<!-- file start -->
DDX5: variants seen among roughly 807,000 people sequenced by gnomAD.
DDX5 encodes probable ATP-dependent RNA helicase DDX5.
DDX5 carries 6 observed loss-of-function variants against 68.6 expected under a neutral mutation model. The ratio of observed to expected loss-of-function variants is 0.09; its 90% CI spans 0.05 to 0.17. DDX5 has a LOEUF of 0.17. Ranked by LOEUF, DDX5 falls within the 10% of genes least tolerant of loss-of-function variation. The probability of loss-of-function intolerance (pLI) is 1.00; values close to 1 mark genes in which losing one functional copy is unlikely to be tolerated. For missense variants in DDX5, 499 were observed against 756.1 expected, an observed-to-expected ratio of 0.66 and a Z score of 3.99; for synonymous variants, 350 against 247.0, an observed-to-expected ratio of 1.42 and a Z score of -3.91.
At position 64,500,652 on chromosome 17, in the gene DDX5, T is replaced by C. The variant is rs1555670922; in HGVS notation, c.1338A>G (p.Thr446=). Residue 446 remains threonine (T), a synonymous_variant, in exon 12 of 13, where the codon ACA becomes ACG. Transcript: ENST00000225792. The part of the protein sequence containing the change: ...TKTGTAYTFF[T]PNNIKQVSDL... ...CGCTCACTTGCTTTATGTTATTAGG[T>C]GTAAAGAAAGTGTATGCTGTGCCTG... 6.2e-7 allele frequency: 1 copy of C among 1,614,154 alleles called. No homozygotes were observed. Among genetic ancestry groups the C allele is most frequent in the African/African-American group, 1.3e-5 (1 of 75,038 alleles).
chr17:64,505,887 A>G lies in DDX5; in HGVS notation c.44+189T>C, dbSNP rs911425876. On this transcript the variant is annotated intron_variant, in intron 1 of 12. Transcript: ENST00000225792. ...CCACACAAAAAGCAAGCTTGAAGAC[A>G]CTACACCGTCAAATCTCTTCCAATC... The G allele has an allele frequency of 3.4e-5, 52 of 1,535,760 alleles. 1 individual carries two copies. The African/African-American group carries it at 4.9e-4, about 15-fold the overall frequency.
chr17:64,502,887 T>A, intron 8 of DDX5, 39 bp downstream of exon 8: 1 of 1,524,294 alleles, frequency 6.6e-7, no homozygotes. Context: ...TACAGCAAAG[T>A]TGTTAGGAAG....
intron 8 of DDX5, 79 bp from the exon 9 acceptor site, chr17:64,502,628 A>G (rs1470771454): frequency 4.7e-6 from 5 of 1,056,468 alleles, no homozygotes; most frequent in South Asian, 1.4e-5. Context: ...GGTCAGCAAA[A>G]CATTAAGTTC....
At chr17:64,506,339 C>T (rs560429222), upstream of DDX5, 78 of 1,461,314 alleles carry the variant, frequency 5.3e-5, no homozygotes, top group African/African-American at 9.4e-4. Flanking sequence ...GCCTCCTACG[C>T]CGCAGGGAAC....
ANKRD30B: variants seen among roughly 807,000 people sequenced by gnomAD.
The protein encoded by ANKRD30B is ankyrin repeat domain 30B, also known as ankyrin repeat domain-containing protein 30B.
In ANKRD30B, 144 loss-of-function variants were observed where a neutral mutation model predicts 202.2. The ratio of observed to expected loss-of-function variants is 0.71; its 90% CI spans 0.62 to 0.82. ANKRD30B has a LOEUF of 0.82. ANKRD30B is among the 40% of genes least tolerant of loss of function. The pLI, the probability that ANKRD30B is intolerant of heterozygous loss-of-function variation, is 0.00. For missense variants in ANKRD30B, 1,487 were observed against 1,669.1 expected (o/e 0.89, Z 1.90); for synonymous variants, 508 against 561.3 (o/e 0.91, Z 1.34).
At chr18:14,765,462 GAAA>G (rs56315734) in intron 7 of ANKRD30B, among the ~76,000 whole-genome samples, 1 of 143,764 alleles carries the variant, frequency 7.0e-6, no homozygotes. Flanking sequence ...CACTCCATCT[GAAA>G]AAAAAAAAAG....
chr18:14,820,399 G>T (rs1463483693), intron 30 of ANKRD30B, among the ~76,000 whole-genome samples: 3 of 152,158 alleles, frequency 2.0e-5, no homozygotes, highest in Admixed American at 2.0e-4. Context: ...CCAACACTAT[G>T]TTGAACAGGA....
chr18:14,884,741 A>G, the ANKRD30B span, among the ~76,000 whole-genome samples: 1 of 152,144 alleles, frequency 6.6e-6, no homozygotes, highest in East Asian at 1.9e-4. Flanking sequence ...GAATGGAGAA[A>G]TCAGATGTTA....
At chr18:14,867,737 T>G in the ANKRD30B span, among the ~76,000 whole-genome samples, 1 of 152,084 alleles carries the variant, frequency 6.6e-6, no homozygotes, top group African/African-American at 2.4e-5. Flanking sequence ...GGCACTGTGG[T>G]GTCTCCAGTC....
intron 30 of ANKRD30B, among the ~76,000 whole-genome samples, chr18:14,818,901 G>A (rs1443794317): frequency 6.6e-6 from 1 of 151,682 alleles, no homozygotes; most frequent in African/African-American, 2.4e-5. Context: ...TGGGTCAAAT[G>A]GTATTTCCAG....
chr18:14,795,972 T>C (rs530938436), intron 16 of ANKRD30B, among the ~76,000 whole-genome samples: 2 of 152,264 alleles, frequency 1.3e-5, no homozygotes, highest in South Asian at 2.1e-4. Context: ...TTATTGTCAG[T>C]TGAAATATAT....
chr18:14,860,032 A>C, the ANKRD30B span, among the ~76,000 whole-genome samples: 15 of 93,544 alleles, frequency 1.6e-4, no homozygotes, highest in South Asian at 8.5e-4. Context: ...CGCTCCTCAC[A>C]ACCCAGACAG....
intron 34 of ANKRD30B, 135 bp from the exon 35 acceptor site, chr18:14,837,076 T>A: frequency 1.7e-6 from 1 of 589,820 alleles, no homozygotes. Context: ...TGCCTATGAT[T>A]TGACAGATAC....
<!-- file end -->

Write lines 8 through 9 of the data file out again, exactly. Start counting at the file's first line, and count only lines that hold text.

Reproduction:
At chr17:64,506,339 C>T (rs560429222), upstream of DDX5, 78 of 1,461,314 alleles carry the variant, frequency 5.3e-5, no homozygotes, top group African/African-American at 9.4e-4. Flanking sequence ...GCCTCCTACG[C>T]CGCAGGGAAC....
ANKRD30B: variants seen among roughly 807,000 people sequenced by gnomAD.